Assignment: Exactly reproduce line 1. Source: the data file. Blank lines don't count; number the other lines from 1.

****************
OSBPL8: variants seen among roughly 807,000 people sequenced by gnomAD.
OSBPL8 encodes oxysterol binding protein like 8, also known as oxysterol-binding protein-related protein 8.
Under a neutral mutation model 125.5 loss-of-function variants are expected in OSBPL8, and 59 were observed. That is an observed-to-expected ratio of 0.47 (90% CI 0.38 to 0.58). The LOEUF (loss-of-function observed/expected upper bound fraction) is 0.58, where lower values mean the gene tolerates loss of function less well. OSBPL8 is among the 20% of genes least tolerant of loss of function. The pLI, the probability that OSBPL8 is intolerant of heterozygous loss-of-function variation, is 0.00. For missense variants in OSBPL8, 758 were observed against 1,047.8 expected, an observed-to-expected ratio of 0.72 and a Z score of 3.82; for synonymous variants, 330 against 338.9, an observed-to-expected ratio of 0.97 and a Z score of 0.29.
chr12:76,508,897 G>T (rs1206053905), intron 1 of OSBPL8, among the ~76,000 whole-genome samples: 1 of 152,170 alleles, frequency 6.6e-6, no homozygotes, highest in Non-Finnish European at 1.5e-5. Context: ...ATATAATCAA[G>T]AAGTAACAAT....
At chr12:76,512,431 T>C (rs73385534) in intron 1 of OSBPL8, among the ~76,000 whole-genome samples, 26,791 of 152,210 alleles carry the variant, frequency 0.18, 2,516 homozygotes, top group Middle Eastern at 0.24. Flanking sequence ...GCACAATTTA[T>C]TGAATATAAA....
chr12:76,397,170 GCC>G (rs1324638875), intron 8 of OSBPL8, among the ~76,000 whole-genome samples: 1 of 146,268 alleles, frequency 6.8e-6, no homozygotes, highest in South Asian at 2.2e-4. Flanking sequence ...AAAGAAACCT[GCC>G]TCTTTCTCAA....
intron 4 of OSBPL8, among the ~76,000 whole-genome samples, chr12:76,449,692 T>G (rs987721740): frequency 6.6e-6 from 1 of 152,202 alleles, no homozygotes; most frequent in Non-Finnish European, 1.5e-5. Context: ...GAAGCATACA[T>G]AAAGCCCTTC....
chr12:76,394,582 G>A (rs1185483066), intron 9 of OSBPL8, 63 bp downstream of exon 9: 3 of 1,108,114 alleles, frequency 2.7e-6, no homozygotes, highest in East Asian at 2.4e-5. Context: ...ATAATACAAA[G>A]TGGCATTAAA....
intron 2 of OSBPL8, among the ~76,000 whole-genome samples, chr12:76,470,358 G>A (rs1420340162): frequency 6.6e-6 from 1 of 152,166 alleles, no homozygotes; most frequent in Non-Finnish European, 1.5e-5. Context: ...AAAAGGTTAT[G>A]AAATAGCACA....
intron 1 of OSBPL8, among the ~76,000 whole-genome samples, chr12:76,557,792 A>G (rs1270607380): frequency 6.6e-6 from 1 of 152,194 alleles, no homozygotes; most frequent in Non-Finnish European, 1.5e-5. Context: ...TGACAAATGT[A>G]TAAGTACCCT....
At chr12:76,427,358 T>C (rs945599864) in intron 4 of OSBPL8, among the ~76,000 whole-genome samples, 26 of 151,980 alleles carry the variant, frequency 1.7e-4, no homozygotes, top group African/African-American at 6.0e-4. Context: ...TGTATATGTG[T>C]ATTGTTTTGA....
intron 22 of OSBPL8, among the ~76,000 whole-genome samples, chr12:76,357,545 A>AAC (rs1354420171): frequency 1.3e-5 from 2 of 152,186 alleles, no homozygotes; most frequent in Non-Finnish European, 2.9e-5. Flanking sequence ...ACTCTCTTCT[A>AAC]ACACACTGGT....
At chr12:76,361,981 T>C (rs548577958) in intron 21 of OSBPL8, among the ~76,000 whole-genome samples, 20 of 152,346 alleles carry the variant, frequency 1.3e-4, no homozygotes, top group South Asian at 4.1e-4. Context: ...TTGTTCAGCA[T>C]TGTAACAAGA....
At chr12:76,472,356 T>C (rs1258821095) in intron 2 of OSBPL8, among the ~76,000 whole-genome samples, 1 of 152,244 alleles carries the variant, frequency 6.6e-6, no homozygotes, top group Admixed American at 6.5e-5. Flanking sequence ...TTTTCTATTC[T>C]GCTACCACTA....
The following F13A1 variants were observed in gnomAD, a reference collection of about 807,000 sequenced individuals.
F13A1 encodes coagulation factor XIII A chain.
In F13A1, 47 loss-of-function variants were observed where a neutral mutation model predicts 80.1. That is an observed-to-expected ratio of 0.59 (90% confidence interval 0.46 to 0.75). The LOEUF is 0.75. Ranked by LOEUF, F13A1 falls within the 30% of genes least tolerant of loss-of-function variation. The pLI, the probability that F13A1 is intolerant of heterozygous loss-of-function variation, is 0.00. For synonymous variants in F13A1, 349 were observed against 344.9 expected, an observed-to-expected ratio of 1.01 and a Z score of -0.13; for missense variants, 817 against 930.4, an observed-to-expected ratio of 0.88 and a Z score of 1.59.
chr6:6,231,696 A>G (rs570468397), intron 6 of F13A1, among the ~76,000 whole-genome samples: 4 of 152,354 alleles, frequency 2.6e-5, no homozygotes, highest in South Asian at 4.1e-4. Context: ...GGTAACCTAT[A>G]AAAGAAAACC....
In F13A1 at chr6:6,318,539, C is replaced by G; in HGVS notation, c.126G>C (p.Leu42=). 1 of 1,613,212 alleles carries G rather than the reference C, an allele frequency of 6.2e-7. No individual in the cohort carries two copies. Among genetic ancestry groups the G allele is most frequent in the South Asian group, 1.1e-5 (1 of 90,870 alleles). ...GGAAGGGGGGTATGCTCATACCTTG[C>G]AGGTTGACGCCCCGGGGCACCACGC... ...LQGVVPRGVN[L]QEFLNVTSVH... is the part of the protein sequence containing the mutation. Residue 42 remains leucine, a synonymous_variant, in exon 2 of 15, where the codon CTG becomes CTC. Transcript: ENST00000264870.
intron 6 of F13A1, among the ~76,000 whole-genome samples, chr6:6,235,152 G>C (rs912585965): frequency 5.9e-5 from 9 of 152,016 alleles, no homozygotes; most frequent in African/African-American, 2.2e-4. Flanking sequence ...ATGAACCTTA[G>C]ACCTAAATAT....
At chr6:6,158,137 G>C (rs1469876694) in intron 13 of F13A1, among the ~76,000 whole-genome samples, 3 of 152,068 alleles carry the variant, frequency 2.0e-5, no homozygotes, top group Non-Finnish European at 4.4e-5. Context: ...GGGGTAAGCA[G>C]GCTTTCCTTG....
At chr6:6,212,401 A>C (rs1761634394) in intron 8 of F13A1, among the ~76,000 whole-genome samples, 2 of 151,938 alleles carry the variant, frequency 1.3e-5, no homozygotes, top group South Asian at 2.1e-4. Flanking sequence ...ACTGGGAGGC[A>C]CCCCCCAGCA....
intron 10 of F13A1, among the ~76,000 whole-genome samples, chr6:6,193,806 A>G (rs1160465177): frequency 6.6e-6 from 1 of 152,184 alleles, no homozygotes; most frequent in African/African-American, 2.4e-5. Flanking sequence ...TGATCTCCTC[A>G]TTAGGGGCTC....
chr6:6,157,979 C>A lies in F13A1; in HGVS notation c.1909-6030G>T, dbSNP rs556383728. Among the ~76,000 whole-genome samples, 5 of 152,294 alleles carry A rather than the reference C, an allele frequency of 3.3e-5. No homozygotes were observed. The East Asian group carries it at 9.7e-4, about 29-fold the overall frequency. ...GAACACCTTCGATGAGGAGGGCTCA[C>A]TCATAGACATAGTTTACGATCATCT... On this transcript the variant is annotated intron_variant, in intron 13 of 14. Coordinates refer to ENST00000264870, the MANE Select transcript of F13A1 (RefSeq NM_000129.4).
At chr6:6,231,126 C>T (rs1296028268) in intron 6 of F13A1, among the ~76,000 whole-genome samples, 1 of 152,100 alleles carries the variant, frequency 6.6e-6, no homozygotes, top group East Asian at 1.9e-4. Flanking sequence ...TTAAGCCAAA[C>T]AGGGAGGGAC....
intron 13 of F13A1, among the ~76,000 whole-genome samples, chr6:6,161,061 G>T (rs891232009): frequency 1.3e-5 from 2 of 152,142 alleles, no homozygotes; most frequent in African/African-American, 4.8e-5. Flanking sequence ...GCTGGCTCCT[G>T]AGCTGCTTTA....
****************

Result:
OSBPL8: variants seen among roughly 807,000 people sequenced by gnomAD.